GRANDE PROVENCE: Experience food as works of art

GRANDE PROVENCE: Experience food as works of art

 

 

There’s a lot going on at Grande Provence in Franschhoek at the moment: a new winemaker, Hagen Viljoen; the launch of two new Méthode Cap Classiques – a shimmering brut and an enchanting rosé – at last weekend’s Cap Classique & Champagne Festival; glorious art exhibitions; heavenly pairings; a place in Andrew Harper’s Top 100 Hideaways In The World; and a new chef in the kitchen.

Guy Bennett worked his way up the ranks alongside some of Cape Town’s most celebrated culinary masters like Michael Deg, Bertus Basson, Reuben Riffel and top pastry chef André Steyn. He has taken over as executive chef from Darren Badenhorst, who has opened his own restaurant, Le coin Français, in Franschhoek village.

“Cooking with passion, day after day, bouncing ideas off my mentors and watching guests enjoying our food have made me the chef I am today,” says Bennett, who considers his appointment here as his “biggest and brightest venture to date.”

When it comes to his own style, Bennett says he is influenced by classic and modern techniques, both local and international, incorporating old and new school approaches to achieving a finished dish. Creating food for all tastes, he includes light, fresh and rich dishes in his menu.

“I’d like to create an experience, a platform of sorts, where diners can put the rest of their lives on pause for a few hours and experience an amazing meal with good company. Great food and wine, an amazing setting and good times,” he says.

We had lunch recently and it’s safe to say Bennett has already achieved these goals. After coming out to say hello and find out if we had any dietary requests, Bennett sent out a stream of dishes, beginning with an amuse bouche presentation of one of the starters: a hot and cold poke (tres chic at the moment) with langoustine, tempura baby vegetables, picked daikon and wasabi mayo. We then shared three more full portion starters.

My favourite was the beef tartare, which is an unusual take on the classic dish, with variations of mushrooms, cured egg yolk, and Huguenot cheese. My friend fancied the charred yellowfin tuna served with sweet fennel, labneh and black garlic. The third dish was heirloom beetroot and chevin done two ways, complemented with walnut granola and honey.

For our main courses we had utterly divine pork belly with crackling and carrots (an oversimplified explanation for all the different textures and shades of colour on the plate), lightly spiked with masala; and beef, potato and gravy. This is another pared down description for tender meat, slivers of tongue in two styles, baby onions and spinach puree. The pork won this round by a narrow margin.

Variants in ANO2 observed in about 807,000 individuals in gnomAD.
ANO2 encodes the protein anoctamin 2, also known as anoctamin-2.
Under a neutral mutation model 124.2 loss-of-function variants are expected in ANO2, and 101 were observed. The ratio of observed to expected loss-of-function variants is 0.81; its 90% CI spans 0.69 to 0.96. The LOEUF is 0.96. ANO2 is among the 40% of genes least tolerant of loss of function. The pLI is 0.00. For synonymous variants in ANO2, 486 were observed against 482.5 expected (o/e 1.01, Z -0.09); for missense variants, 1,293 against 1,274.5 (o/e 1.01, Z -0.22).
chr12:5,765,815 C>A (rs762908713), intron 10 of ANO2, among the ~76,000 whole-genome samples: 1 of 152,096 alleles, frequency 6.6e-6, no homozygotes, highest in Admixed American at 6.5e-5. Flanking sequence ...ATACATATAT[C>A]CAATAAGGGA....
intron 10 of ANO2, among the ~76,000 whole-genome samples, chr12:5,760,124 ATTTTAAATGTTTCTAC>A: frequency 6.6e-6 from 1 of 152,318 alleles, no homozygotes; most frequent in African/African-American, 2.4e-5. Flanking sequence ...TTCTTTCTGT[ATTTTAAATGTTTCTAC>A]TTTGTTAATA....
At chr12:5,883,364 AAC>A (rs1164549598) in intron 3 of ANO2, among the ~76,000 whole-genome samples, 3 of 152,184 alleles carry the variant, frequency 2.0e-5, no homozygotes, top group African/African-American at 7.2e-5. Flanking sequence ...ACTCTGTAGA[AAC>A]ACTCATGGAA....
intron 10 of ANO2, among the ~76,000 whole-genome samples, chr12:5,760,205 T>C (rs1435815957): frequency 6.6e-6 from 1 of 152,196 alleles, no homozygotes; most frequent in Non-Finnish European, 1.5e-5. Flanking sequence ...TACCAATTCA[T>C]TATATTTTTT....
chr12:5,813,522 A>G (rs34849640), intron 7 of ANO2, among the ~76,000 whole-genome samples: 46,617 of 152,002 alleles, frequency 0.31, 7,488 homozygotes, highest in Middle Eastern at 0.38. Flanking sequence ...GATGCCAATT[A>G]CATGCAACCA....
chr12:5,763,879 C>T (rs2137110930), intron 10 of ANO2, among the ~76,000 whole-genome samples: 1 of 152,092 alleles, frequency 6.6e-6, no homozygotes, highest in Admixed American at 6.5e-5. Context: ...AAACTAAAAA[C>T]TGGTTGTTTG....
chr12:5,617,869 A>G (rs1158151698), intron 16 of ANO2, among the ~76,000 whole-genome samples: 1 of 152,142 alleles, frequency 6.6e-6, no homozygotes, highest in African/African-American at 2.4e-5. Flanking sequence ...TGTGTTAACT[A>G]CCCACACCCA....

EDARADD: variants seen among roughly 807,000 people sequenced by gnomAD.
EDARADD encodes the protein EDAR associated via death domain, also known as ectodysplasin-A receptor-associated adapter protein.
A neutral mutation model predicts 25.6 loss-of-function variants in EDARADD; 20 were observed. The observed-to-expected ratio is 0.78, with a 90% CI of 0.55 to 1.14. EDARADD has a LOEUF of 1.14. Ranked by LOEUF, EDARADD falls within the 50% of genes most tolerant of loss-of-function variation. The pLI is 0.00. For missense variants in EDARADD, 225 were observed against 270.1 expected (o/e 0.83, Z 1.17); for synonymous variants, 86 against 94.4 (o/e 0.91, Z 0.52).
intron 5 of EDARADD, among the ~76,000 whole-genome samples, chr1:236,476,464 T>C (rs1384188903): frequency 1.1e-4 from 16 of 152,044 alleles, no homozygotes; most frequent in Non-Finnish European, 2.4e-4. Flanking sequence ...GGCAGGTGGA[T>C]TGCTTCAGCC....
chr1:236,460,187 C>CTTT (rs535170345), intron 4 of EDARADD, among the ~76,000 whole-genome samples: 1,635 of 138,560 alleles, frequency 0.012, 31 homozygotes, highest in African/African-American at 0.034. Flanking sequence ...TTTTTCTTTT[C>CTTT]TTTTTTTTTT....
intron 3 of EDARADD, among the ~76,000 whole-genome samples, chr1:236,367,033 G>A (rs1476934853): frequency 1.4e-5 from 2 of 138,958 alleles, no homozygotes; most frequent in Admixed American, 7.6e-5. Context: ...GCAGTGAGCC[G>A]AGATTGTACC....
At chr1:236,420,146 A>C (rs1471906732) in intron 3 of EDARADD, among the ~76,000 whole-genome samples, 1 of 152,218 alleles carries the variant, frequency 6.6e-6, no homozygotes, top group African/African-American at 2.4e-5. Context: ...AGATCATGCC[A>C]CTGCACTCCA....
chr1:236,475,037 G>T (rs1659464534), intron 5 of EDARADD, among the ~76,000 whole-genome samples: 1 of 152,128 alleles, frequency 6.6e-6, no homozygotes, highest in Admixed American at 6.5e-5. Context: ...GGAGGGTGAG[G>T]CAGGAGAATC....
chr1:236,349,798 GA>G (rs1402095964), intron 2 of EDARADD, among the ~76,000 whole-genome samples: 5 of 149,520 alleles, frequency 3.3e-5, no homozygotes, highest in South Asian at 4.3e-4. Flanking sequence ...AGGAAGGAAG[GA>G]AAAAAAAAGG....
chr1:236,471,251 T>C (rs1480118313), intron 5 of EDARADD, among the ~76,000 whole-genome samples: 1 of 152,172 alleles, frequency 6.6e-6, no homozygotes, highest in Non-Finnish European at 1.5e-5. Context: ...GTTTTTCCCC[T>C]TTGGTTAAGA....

We finished with a fresh summer berry pavlova – another classic served with a twist, being “upside down” with the meringue on top, the berries and cream underneath – and fabulous sweetcorn panna cotta with peach sorbet, popcorn, and white chocolate soil. Every plate was a work of art, the flavours and textures sublime.

The restaurant is an elegant setting, and the service is impeccable. A note on the menu that should you require a break between courses, to alert the staff, is most welcome.

News

One of just six South African properties to be included in the Top 100 Hideaways this year, Grande Provence, part of the luxurious Huka Retreats, shares the honour with one of its sister properties, Huka Lodge in New Zealand. Harper describes Grande Provence as an impressive 19-hectare wine estate “that offers accommodations in the discreetly luxurious and superbly staffed Owner’s Cottage.”

Hosted by The Gallery at Grande Provence, from December 10 until 27, the Angels Tears Exhibition will take you into the realm of angels in all their magnificence as portrayed by some of South Africa’s most important artists in a variety of media and styles. To complete your cherubic encounter, the tasting room invites you to spread your wings and savour “A Taste Of Heaven” with a bouquet of enchanting pairings of Angels Tears wines and handmade nougat. As a gift from the angels, visitors will be able to buy a twin pack of Angels Tears wines for just R70 for the duration of the exhibition.

* Lunch is a la carte with two courses costing R350, and three for R450, excluding wines (all dishes have suggested pairings with Grande Provence wines). The Restaurant is open daily for lunch and dinner. To book (recommended – it was full the day we were there, and it’s festive/tourism season now), call 021 876 8600; or send an email to reservations@grandeprovence.co.za.

For more information on the Angels Tears Exhibition, contact the curator Myléne Ife on 021 876 8630; or send an email to gallery@grandeprovence.co.za.

The Angels Tears “A Taste of Heaven” wine and nougat tasting is R70 a person. For more information, call the tasting room on 021 876 8600; or email winetasting@grandeprovence.co.za.

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By Bianca Coleman